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Earlier this month, Robert Mueller, Director of the FBI, testified before the Senate Committee on Homeland Security and Governmental Affairs. Among other issues of national security, Mueller stressed the crucial role cyber security plays in the FBI’s efforts to combat organized crime and terrorism. Mueller indicated that the FBI will continue its push to amend the Communications Assistance of Law Enforcement Act. The sought after amendment would require internet-based communications companies to create encryption backdoors for law enforcement surveillance. In other words, the FBI wants companies that operate e-mail and social media websites to re-write their code to make government surveillance much easier.
Mueller’s statement is the latest in a long battle over extending the wiretap capabilities of law enforcement agencies to Internet-based communications. This current proposal finds its origins in 2010, when the New York Times reported that federal law enforcement officials planned on urging Congress to mandate changes in Internet communications. As noted above, these changes would make it easier for government officials to capture and unscramble the encrypted messages sent online. As far back as 1991, Congressional leaders have tried to pass statutes which would “ensure that communications systems permit the government to obtain the plain text contents of voice, data, and other communications when appropriately authorized by law.”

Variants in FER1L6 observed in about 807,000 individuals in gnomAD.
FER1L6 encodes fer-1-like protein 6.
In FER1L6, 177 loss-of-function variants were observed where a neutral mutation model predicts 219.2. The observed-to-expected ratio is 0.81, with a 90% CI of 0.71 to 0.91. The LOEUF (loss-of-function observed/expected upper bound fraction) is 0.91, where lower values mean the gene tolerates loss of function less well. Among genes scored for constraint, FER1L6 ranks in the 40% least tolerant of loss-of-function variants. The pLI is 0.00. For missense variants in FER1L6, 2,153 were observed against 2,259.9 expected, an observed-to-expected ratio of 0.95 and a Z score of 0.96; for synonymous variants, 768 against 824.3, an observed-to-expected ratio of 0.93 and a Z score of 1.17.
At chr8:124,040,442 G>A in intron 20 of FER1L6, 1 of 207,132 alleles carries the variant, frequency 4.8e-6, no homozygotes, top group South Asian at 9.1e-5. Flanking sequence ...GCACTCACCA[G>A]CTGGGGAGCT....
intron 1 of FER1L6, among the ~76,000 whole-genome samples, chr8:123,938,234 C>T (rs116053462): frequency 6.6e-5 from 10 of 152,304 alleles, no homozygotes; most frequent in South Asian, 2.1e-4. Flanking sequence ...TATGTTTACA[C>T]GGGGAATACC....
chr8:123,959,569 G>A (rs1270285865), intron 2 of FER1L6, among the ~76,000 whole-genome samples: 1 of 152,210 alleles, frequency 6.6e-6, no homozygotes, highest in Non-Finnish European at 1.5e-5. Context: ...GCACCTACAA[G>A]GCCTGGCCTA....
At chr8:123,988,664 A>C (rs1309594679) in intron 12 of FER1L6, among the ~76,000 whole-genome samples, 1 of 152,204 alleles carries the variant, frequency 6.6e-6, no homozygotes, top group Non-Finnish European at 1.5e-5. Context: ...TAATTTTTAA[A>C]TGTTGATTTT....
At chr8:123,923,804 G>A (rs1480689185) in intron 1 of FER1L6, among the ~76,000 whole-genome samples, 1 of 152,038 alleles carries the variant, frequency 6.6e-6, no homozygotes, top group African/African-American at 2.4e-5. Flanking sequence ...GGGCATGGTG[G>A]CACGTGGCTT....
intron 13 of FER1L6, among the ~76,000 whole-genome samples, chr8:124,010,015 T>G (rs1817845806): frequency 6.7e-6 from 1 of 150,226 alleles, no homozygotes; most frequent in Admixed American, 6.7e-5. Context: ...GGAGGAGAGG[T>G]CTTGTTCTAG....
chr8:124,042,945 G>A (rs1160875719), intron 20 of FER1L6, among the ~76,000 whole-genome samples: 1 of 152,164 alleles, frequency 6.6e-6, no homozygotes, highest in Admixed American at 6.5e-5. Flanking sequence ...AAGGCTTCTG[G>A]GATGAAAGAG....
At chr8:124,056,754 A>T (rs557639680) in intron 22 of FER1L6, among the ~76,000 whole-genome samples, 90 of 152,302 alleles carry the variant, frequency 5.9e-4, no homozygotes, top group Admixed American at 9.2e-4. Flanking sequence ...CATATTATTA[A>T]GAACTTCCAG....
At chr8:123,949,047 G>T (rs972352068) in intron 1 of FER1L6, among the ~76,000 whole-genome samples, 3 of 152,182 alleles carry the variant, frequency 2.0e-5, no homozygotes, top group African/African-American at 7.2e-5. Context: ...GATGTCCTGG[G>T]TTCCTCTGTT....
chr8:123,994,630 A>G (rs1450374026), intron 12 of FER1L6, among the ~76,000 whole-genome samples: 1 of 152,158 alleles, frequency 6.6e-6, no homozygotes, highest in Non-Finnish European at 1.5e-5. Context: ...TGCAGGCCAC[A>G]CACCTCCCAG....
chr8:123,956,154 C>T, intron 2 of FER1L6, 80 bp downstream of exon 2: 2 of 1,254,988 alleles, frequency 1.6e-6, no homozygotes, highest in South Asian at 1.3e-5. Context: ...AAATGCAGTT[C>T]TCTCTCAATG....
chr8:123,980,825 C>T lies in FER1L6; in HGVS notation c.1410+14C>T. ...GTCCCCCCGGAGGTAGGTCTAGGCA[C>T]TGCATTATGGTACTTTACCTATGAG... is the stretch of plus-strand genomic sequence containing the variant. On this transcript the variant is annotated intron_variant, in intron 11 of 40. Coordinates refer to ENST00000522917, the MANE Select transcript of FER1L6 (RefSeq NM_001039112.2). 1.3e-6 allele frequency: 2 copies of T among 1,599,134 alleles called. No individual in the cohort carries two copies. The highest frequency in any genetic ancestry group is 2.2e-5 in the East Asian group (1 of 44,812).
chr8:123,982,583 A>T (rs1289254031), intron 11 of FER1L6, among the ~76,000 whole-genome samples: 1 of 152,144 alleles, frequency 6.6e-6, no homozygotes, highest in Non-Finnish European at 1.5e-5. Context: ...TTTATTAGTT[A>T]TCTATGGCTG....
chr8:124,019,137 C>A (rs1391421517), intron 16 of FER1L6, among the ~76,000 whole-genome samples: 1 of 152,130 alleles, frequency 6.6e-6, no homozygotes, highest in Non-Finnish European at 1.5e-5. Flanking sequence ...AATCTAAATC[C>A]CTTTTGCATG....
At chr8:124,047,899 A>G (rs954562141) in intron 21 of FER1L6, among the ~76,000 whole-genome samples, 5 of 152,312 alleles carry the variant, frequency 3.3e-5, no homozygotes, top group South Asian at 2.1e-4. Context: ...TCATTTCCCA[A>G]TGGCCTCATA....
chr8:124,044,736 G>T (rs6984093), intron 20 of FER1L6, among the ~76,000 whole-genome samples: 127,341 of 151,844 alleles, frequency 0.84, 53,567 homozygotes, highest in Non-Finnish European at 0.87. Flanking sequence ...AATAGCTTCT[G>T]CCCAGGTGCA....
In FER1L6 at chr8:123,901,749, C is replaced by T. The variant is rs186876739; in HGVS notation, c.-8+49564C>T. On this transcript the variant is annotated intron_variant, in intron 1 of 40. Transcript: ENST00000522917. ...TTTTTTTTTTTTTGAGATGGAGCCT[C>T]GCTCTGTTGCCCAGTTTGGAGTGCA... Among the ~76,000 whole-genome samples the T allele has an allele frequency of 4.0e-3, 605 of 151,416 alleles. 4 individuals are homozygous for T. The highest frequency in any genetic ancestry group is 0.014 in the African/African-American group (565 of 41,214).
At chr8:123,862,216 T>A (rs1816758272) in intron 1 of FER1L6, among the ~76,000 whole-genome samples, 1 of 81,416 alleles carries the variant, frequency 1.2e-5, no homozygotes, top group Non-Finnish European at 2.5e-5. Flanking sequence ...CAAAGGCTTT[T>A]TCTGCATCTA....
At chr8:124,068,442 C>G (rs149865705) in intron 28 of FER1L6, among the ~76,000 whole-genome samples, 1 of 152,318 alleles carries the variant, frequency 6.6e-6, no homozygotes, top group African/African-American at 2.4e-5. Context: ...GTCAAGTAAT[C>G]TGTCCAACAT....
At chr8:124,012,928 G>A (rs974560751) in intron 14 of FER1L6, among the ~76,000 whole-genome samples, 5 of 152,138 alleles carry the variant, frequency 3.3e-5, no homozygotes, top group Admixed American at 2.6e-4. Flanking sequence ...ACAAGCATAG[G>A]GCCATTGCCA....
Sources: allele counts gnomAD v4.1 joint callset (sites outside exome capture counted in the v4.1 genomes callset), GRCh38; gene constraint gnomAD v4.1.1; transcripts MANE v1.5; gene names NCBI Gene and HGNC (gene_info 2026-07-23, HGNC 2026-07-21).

From a citizen’s perspective, the expansion of law enforcement agencies’ ability to wiretap Internet communications implicates traditional Fourth Amendment concerns regarding the right to privacy. But beyond the time-honored debates of privacy and government intrusion lie novel issues posed by the internet’s unique landscape. The information exchanged on the internet is fundamentally different than that conveyed via telephone. Through the internet people can exchange photographs, videos, songs, and a myriad of other electronically stored documents. Also, individuals create detailed records of their consumer habits while shopping online. When compared to the verbal exchange of a phone conversation, the quantity of information exchanged on the internet is staggering. While it may be difficult to say which medium, internet or phone, is more private, the internet clearly allows for a much wider and diverse array of information than a verbal exchange.
So, where does this latest challenge to privacy leave us? For now, right where we were. The history of trying to wiretap the internet is largely one of failure for the government. However, Mueller’s testimony makes clear that as crime and terrorism move to the internet so too must law enforcement. This move makes it more apt to ask not if the government will get its desired access but when it will. With such fundamental civil liberties at stake, how the government will wiretap the internet may be the most important question of all.
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